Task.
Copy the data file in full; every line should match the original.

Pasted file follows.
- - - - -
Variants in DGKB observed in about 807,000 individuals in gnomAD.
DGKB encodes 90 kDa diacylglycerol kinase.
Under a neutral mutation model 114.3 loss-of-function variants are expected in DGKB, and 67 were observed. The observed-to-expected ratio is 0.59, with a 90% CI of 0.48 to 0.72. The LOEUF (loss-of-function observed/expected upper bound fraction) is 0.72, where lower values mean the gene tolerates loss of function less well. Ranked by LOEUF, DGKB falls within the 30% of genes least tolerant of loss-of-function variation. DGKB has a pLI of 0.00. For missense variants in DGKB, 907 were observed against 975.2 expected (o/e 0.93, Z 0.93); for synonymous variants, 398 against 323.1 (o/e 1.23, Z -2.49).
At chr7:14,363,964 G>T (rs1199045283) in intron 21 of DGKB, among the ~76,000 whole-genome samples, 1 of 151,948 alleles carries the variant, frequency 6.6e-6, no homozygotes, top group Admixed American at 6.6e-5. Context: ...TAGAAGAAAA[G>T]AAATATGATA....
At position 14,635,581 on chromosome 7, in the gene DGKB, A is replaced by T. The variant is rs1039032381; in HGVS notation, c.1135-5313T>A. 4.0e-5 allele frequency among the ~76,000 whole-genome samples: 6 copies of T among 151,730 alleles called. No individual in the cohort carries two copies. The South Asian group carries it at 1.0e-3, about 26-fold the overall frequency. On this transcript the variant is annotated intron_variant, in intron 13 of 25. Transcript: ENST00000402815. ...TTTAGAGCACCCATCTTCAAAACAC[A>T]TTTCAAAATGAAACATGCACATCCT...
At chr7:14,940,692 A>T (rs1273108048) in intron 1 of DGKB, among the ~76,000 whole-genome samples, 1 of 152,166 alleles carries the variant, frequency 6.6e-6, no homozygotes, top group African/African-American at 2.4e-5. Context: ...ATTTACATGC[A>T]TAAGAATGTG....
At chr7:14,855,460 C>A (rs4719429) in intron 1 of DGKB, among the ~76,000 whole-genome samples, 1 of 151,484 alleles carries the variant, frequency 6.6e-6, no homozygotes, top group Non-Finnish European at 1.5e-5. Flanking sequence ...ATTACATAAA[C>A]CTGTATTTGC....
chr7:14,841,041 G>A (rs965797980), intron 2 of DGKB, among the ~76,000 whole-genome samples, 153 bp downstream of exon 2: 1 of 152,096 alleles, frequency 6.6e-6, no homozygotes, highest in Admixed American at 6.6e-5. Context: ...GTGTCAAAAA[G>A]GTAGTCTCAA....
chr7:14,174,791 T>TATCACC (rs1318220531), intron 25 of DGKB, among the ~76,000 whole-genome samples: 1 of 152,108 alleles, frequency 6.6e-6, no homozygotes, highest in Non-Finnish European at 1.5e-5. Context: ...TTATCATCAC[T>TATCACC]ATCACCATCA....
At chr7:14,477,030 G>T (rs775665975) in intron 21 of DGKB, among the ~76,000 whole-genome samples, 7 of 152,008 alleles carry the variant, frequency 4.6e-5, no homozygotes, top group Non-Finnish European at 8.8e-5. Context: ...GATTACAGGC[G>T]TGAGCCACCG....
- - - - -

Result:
Variants in DGKB observed in about 807,000 individuals in gnomAD.
DGKB encodes 90 kDa diacylglycerol kinase.
Under a neutral mutation model 114.3 loss-of-function variants are expected in DGKB, and 67 were observed. The observed-to-expected ratio is 0.59, with a 90% CI of 0.48 to 0.72. The LOEUF (loss-of-function observed/expected upper bound fraction) is 0.72, where lower values mean the gene tolerates loss of function less well. Ranked by LOEUF, DGKB falls within the 30% of genes least tolerant of loss-of-function variation. DGKB has a pLI of 0.00. For missense variants in DGKB, 907 were observed against 975.2 expected (o/e 0.93, Z 0.93); for synonymous variants, 398 against 323.1 (o/e 1.23, Z -2.49).
At chr7:14,363,964 G>T (rs1199045283) in intron 21 of DGKB, among the ~76,000 whole-genome samples, 1 of 151,948 alleles carries the variant, frequency 6.6e-6, no homozygotes, top group Admixed American at 6.6e-5. Context: ...TAGAAGAAAA[G>T]AAATATGATA....
At position 14,635,581 on chromosome 7, in the gene DGKB, A is replaced by T. The variant is rs1039032381; in HGVS notation, c.1135-5313T>A. 4.0e-5 allele frequency among the ~76,000 whole-genome samples: 6 copies of T among 151,730 alleles called. No individual in the cohort carries two copies. The South Asian group carries it at 1.0e-3, about 26-fold the overall frequency. On this transcript the variant is annotated intron_variant, in intron 13 of 25. Transcript: ENST00000402815. ...TTTAGAGCACCCATCTTCAAAACAC[A>T]TTTCAAAATGAAACATGCACATCCT...
At chr7:14,940,692 A>T (rs1273108048) in intron 1 of DGKB, among the ~76,000 whole-genome samples, 1 of 152,166 alleles carries the variant, frequency 6.6e-6, no homozygotes, top group African/African-American at 2.4e-5. Context: ...ATTTACATGC[A>T]TAAGAATGTG....
At chr7:14,855,460 C>A (rs4719429) in intron 1 of DGKB, among the ~76,000 whole-genome samples, 1 of 151,484 alleles carries the variant, frequency 6.6e-6, no homozygotes, top group Non-Finnish European at 1.5e-5. Flanking sequence ...ATTACATAAA[C>A]CTGTATTTGC....
chr7:14,841,041 G>A (rs965797980), intron 2 of DGKB, among the ~76,000 whole-genome samples, 153 bp downstream of exon 2: 1 of 152,096 alleles, frequency 6.6e-6, no homozygotes, highest in Admixed American at 6.6e-5. Context: ...GTGTCAAAAA[G>A]GTAGTCTCAA....
chr7:14,174,791 T>TATCACC (rs1318220531), intron 25 of DGKB, among the ~76,000 whole-genome samples: 1 of 152,108 alleles, frequency 6.6e-6, no homozygotes, highest in Non-Finnish European at 1.5e-5. Context: ...TTATCATCAC[T>TATCACC]ATCACCATCA....
At chr7:14,477,030 G>T (rs775665975) in intron 21 of DGKB, among the ~76,000 whole-genome samples, 7 of 152,008 alleles carry the variant, frequency 4.6e-5, no homozygotes, top group Non-Finnish European at 8.8e-5. Context: ...GATTACAGGC[G>T]TGAGCCACCG....